The piece further noted that a host of nutrition-related biomarkers are available, with the authors specifically highlighting the benefits, limitations and caveats surrounding measuring nutrients in blood components for iron, vitamin D and omega-3 fatty acids EPA and DHA.
Here’s Where the Omega-3 Index Comes In
For the purposes of this blog, we are most interested in the authors’ enthusiasm for how a simple prick of the finger can establish a baseline of omega-3 EPA and DHA levels, thereby empowering athletes–and for that matter all individuals–and their health advisors to choose a path forward to reach optimal levels of omega-3s.
Calling the Omega-3 Index “a validated, reliable, and reproducible biomarker for the assessment of omega-3 status,” they explain that this safe, simple, convenient test “represents the percentage of the long chain omega fatty acids EPA and DHA as a proportion of the total RBC fatty acids.”
The authors note the rising popularity of testing omega-3 EPA and DHA fatty acid levels in athletes and reference a new systematic review by Lewis et al. that we, at OmegaQuant, blogged about last week.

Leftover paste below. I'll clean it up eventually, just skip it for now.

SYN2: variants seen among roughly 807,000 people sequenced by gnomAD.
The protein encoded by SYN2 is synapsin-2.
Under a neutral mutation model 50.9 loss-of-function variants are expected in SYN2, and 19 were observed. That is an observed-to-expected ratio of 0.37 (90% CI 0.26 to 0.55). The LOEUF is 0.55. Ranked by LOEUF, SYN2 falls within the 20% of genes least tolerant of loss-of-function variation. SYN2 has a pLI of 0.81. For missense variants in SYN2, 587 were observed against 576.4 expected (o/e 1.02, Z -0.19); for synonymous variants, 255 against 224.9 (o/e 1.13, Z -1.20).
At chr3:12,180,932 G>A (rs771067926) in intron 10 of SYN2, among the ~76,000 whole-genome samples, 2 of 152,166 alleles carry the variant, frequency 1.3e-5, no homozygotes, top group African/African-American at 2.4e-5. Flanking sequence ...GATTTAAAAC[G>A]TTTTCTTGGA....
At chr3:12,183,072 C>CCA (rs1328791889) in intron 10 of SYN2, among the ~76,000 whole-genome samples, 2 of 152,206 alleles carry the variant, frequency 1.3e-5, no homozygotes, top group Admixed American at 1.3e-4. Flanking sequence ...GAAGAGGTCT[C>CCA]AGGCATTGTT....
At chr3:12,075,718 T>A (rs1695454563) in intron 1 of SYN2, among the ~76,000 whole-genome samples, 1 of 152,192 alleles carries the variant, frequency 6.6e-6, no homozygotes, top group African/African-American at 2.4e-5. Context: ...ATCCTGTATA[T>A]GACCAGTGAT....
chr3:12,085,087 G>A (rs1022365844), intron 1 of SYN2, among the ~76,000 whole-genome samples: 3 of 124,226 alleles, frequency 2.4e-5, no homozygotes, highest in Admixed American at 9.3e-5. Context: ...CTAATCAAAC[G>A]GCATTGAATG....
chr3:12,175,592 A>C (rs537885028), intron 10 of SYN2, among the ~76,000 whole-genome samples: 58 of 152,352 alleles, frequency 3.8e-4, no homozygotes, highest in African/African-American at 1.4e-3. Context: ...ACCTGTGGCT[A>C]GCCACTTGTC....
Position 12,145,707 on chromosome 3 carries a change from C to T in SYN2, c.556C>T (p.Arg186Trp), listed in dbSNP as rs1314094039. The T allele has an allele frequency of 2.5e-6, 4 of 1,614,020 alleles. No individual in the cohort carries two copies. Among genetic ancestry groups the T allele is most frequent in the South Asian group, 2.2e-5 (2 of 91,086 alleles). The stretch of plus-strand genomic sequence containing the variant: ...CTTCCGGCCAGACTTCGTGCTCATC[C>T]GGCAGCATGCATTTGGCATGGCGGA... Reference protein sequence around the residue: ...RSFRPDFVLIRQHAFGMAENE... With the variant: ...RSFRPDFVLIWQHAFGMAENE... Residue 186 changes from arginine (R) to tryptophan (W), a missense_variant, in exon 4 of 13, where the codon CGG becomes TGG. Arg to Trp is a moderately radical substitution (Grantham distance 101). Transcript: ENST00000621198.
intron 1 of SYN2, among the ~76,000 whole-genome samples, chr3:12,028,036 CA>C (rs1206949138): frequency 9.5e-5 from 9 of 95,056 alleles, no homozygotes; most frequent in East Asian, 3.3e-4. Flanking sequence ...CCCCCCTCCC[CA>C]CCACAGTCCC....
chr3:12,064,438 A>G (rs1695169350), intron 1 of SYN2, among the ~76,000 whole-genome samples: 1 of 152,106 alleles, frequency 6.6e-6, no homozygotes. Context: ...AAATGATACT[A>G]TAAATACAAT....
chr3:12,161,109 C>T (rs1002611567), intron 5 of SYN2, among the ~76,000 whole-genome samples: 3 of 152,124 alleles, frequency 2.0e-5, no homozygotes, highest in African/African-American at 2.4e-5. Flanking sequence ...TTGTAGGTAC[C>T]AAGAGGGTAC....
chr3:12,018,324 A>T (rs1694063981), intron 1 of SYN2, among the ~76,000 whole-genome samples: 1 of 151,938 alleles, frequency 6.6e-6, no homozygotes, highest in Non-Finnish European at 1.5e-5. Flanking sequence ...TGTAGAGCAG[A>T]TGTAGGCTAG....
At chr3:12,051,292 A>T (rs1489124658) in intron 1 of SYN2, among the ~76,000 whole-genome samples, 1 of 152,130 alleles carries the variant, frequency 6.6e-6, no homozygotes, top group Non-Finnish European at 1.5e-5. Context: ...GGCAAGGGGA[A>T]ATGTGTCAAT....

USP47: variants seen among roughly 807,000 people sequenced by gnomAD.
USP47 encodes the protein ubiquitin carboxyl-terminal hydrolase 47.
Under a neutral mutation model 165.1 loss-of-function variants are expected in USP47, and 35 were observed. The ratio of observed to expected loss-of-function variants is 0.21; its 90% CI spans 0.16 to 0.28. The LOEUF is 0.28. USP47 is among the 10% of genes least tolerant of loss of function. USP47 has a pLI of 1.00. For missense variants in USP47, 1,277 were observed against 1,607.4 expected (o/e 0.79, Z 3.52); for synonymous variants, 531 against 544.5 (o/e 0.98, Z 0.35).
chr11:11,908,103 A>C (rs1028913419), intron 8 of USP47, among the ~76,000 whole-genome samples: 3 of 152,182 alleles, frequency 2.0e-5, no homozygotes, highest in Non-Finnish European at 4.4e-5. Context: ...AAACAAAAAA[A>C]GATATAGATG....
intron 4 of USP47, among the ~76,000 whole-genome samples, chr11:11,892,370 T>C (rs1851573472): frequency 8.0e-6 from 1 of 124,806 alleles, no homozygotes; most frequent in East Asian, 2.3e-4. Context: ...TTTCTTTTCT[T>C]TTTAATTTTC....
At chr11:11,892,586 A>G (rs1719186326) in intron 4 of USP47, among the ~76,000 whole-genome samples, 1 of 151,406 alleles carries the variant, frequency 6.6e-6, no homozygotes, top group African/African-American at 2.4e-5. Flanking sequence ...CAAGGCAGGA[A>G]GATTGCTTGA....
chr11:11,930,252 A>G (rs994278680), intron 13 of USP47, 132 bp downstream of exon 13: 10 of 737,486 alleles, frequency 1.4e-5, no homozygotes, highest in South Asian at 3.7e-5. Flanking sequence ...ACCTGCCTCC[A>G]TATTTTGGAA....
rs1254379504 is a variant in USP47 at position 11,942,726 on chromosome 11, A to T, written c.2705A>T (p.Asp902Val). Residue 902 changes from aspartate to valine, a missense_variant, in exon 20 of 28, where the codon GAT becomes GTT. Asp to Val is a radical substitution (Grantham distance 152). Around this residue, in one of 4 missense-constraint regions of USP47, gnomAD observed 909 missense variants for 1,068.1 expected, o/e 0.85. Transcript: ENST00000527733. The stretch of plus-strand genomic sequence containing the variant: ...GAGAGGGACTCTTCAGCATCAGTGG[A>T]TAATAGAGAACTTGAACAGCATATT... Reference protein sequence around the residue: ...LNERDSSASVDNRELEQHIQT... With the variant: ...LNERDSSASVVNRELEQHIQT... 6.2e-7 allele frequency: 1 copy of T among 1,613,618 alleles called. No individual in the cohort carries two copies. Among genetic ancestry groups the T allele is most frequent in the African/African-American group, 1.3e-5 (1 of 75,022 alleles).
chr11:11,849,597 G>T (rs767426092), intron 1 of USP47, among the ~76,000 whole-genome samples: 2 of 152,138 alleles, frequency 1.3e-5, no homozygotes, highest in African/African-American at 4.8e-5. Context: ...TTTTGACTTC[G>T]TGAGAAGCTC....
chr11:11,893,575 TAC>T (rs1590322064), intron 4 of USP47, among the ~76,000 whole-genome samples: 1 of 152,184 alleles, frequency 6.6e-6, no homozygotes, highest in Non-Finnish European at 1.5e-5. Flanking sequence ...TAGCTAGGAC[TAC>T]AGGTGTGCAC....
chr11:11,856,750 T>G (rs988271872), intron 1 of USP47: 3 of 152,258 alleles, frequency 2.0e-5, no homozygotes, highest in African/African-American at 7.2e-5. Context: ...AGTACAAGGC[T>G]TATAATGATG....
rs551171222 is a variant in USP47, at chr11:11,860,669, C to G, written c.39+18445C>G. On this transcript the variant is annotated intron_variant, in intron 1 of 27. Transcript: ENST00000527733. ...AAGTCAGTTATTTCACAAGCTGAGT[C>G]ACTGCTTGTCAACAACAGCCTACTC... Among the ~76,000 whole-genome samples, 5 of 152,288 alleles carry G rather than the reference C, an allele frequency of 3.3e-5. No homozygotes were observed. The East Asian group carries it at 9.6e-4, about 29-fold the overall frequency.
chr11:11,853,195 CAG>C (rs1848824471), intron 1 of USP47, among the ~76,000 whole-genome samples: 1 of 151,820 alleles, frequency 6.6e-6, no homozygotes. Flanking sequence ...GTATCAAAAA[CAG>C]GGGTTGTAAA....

Published in Advances in Nutrition, the systematic review of 32 randomized placebo- controlled trials (RCTs) that met the authors inclusion criteria revealed benefit for omega-3 fish oil for athletes in the areas of cognition, heart health, muscle recovery and immunity. This benefit was seen across a wide range of sports for male and female recreational, well-trained, elite or professional athletes.
This is promising news for omega-3 and sports performance—an area that is relatively young compared to the well-established benefits of omega-3 supplements in areas such as heart, brain and prenatal health, despite the 25 years of research.